I did not watch the first part of President Barack Obama’s State of the Union address a few hours ago, but while reading the full transcript, I caught glimpse of these paragraphs in a speech written to direct the country’s attention to the prospects of innovation, change, evolution and industry from educated immigrants:
“One last point about education. Today, there are hundreds of thousands of students excelling in our schools who are not American citizens. Some are the children of undocumented workers, who had nothing to do with the actions of their parents. They grew up as Americans and pledge allegiance to our flag, and yet live every day with the threat of deportation. Others come here from abroad to study in our colleges and universities. But as soon as they obtain advanced degrees, we send them back home to compete against us. It makes no sense.”
“Now, I strongly believe that we should take on, once and for all, the issue of illegal immigration. I am prepared to work with Republicans and Democrats to protect our borders, enforce our laws and address the millions of undocumented workers who are now living in the shadows. I know that debate will be difficult and take time. But tonight, let’s agree to make that effort. And let’s stop expelling talented, responsible young people who can staff our research labs, start new businesses, and further enrich this nation.”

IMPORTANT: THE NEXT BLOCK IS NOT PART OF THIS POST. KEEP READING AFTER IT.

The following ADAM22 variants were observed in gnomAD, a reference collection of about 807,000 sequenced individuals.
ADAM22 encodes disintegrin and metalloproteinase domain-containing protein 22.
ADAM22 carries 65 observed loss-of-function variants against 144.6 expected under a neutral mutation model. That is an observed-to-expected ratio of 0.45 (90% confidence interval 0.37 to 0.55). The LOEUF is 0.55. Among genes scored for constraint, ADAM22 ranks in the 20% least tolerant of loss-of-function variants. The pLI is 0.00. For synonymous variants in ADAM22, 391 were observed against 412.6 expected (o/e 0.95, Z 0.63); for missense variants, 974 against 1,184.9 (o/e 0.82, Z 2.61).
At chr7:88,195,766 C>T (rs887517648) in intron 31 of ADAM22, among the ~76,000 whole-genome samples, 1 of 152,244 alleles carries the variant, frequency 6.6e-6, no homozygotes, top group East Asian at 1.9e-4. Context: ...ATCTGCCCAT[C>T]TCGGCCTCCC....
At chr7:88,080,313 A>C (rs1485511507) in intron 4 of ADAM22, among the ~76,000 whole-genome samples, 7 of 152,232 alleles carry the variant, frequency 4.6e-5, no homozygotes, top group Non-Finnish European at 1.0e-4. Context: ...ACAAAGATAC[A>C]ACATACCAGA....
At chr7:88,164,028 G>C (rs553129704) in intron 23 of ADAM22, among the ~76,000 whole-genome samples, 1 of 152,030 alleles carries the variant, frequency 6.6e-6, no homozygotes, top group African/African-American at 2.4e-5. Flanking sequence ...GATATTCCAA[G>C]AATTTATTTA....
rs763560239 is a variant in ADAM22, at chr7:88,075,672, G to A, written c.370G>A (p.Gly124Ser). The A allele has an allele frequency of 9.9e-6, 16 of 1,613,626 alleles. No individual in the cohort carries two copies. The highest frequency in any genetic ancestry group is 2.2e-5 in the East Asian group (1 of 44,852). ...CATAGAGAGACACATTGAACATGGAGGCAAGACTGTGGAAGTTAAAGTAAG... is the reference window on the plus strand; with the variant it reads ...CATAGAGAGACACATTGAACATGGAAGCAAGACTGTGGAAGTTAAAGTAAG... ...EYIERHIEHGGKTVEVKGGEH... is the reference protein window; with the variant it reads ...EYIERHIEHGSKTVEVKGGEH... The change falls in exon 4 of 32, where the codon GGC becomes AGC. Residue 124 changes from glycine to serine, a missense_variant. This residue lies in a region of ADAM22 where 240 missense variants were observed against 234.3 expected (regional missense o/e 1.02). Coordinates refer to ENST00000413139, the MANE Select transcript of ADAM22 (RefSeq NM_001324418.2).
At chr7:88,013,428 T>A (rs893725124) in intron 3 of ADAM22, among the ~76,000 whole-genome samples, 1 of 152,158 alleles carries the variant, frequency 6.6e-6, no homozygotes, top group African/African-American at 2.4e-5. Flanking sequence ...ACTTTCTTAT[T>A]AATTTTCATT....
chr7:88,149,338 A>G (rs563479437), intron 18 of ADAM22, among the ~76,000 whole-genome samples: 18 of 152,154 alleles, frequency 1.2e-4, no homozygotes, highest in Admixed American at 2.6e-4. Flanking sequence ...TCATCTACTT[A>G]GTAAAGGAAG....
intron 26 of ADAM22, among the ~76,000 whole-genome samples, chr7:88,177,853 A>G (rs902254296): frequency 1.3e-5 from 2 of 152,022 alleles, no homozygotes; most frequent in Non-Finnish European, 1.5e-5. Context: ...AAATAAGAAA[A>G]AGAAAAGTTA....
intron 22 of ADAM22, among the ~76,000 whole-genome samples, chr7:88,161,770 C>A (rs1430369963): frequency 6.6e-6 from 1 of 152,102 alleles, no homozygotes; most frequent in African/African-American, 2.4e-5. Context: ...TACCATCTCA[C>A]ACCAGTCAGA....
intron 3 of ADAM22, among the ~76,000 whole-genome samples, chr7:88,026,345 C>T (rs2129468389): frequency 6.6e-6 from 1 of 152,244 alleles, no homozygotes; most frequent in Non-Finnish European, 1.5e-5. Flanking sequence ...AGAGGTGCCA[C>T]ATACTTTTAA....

My interest here is not the case of children of illegal immigrants even though he has a point there as well. It is in the sense in making it easy for immigrants who come from abroad to study in American colleges to be able to integrate, if they so wish, and contribute to the country in professional capacities. The situation at the moment is far from ideal. In a world where innovation is fueled by ideas and commitment rather than just geographical boundaries, it’s hard not to see the President’s point. One could only hope that his aspirations are shared by more of his conservative countrymen.